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September 30, 2002


The opinion of the court was delivered by: Thomas J. McAVOY, United States District Judge.



This is an action brought pursuant to Title II of the Americans with Disabilities Act (the "ADA"), 42 U.S.C. § 12101, et seq.; § 504 of the Rehabilitation Act of 1973 (the "Rehabilitation Act" or "§ 504"), 29 U.S.C. § 794, et seq.; 42 U.S.C. § 1983 ("§ 1983") asserting deprivations of rights secured by the Fourth and Fourteenth Amendments to the United States Constitution; and the New York State common law asserting tort claims sounding in "assault and battery" and negligence.

Defendants move pursuant to FED. R. Civ. PRO. 12(b)(6) to dismiss plaintiffs' claims under the ADA, the Rehabilitation Act, plaintiffs' claims for injunctive relief, and the § 1983 claims and pendent state law claims against defendants Nixon, Glebba, DiBlasio, and Cavanaugh. For the reasons that follow, the motion is granted in part and denied in part.


The case surrounds the search policy of the Capital District Psychiatric Center ("CDPC") in Albany and the application of that policy when patients are voluntarily admitted there. As addressed more fully below, plaintiff William Aiken ("Aiken") alleges that on January 19, 2000 he was illegally strip searched and body cavity searched upon his voluntary admission to CDPC. Aiken serves as the representative plaintiff for the association claims brought by Disability Advocates, Inc. on behalf of all present and future patients of the Capital District Psychiatric Center who may be subjected to the challenged searches, Second Amended Complaint ("complaint" or "compl.) ¶ 12,*fn1 and who challenge the legality of the policy.

A. January 19, 2000 search

The complaint alleges that in October of 1998, Defendant Kathleen Cavanaugh, then-CDPC Program Director and Supervisor of the crisis nursing staff, placed a "standing order" on Aiken's clinical record at CDPC which ordered staff in the crisis unit of CDPC to carefully search Aiken whenever he appeared for admission. Compl. ¶¶ 32-33. Plaintiffs contend that Cavanaugh lacked probable cause to issue this standing order and that it was issued in violation of CDPC's search policy. Compl. ¶¶ 36-40.

On January 19, 2000 Aiken sought voluntary admission for emergency psychiatric care and treatment at CDPC's crisis unit. Compl. ¶¶ 43, 49. He was strip searched and visual body cavity searched by defendants DeSeve, Harper, and Monte in a bathroom, allegedly pursuant to the direct order of defendant Bellinger-Alleman. Compl. ¶ 51-57. Plaintiffs allege that Aiken's search was unreasonable in scope and without probable cause or a warrant, and therefore in violation of his constitutional rights. Compl. ¶ 105.

Many of the defendants' arguments turn on whether this search occurred in accordance with — or in contravention to — the CDPC policy in issue. Plaintiffs contend that "plaintiff Aiken and other CDPC patients" were "searched pursuant to the illegal policy." Compl. ¶ 104. However, the complaint also alleges that Aiken's January 19, 2000 search deviated in certain material respects from the requirements of the policy. See Compl. ¶ 51-57, 65-75.*fn2 As addressed more fully below, plaintiffs seem to argue that this search was conducted pursuant to the authority of the policy (which they assert is itself unconstitutional), and further that the manner of search (the deviations from the policy) compounded Aiken's injury.

B. CDPC's Search Policy

With regard to the policy, plaintiffs contend that CDPC's written policy authorizes unconstitutional strip searches, visual body cavity searches, and internal body cavity searches because these searches are allowed if there is merely a "potential risk" or "reasonable possibility" that the admittee possesses contraband or an item restricted by the treatment team, but does not require a finding of probable cause or a judicial warrant. Compl. ¶¶ 88-105. Plaintiffs also allege that the CDPC policy violates the ADA and Rehabilitation Act. Compl. ¶¶ 120-127.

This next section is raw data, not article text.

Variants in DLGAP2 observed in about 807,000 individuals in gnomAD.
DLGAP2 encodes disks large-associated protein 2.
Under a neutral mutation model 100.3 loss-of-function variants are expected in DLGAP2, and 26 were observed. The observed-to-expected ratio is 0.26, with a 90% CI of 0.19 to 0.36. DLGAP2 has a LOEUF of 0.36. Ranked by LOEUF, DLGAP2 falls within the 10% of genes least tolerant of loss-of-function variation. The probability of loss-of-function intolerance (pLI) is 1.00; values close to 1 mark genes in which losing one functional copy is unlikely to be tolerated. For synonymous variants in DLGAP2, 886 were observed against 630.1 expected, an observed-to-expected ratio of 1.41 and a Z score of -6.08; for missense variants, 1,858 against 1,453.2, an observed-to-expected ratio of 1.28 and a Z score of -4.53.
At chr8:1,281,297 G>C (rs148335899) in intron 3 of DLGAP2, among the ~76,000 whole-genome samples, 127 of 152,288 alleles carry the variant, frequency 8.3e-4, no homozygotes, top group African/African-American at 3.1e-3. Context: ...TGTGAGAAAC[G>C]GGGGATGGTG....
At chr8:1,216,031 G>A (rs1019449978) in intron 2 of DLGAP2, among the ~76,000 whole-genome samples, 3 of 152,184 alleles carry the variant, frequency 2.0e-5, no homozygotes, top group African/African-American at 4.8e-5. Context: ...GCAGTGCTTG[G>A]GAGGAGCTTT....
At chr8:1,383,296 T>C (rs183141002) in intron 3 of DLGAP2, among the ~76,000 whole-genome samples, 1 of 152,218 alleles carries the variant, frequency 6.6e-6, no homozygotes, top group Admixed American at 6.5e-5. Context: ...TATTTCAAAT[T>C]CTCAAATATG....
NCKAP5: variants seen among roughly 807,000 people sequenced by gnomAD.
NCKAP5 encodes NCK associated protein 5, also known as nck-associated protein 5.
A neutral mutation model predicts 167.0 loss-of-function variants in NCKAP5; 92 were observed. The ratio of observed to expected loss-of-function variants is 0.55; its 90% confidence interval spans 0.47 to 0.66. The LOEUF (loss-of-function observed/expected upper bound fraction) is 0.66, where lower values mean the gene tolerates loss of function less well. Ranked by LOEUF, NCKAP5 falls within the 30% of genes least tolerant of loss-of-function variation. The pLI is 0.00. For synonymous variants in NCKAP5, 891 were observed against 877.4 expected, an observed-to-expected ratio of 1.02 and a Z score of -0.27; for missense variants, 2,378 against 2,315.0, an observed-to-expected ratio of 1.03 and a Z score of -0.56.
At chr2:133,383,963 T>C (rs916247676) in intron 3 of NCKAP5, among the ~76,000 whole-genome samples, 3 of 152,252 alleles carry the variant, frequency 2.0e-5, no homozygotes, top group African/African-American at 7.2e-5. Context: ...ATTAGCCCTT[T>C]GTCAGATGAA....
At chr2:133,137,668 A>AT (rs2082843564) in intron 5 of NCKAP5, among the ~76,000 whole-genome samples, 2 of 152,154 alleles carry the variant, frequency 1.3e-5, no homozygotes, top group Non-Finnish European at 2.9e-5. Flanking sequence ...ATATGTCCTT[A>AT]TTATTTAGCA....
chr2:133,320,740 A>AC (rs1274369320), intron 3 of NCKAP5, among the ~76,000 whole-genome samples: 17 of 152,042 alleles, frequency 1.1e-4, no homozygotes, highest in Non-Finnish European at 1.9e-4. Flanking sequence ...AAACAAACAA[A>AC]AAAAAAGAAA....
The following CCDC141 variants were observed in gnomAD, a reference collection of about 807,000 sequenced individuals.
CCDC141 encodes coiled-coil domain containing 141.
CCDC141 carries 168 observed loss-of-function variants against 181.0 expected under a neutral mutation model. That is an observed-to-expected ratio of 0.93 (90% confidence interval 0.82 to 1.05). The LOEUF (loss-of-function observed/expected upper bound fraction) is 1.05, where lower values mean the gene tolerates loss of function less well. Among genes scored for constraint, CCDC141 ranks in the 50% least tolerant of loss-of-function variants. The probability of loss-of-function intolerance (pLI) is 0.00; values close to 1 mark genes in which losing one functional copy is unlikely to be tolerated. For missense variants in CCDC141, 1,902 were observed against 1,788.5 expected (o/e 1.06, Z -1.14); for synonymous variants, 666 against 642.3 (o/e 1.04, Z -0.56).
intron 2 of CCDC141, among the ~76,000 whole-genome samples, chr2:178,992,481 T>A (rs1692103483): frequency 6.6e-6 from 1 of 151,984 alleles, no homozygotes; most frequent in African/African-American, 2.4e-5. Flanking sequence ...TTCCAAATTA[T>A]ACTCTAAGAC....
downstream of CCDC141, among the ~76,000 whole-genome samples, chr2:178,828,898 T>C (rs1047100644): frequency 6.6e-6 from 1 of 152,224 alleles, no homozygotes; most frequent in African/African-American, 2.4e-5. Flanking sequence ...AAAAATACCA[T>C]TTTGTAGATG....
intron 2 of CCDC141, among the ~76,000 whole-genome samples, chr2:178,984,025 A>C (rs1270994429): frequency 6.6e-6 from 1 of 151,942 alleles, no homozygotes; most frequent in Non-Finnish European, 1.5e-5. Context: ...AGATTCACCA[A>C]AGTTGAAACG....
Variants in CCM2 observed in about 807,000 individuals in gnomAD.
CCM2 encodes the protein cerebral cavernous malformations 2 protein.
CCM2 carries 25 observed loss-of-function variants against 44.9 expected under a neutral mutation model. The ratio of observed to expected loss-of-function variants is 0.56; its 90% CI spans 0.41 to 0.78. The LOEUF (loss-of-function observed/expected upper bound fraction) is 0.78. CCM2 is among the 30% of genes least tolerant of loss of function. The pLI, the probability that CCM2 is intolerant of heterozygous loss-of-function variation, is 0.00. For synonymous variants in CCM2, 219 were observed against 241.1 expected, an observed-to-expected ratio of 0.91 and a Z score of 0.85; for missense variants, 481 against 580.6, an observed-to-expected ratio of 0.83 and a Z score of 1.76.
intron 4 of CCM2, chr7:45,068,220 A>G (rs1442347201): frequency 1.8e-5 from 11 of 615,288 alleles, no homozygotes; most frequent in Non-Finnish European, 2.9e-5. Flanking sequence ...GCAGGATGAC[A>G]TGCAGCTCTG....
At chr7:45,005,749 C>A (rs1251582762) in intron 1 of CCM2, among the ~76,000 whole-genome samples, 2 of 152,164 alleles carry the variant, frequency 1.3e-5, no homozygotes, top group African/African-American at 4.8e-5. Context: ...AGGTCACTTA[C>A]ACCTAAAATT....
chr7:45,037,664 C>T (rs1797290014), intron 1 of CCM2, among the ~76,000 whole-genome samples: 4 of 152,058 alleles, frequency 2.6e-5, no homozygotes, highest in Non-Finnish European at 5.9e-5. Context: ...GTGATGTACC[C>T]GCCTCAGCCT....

Inasmuch as CDPC's search policy is repeatedly referenced in the complaint and integral to a determination of the instant motion, pertinent portions of that policy are recited here. See Yak v. Bank Brussels Lambert, 252 F.3d 127, 130 (2d Cir. 2001) (On a motion to dismiss, the court may consider "any written instrument attached to [the complaint] as an exhibit or any statements or documents incorporated in it by reference.") (citation omitted).

Regarding the decision to institute a search, the policy provides as follows:

It is recognized that CDPC staff have responsibility for making clinical decisions in accordance with their expertise and delegated responsibility. The decision to search a patient is authorized when the basis for this decision is clinical. Staff shall at all times attempt to balance issues concerning the clinical appropriateness or necessity of action vs. legal aspects of patients' rights. However, the most important consideration is the ability to provide services in a safe and secure environment.
The decision to search a patient . . . is based upon a determination that there exists potential risk and/or reasonable possibility that the patient possesses an item restricted by his or her treatment team, an item considered to be contraband by local, state, or federal law, or an item that is stolen.

Search Policy, part II, p. 1 (emphasis added).

The policy is divided in to "emergency" and "non-emergency" situations and indicates that the "senior clinical staff member on duty" shall make the determination whether an emergency situation exists. Assuming one does, the senior clinical staff member on duty shall be responsible: "for taking appropriate action to insure the safety of other patients;" for making a decision regarding the ability of "program staff to handle the situation without assistance" from the Safety Office; and for making decisions "concerning the level and degree of search as well as the appropriate place to conduct the search." Search Policy, p. 3, ¶ 1. In conducting a search in an emergency situation, the staff is to inform the patient of the reason for conducting the search and seek the patient's permission if possible. Id., p. 3, ¶ 2. The staff must also insure that two staff members are present with at least one being of the same sex as the person being searched with the "staff member of the same sex . . . responsible for conducting the actual search." Id. 3, ¶ 2.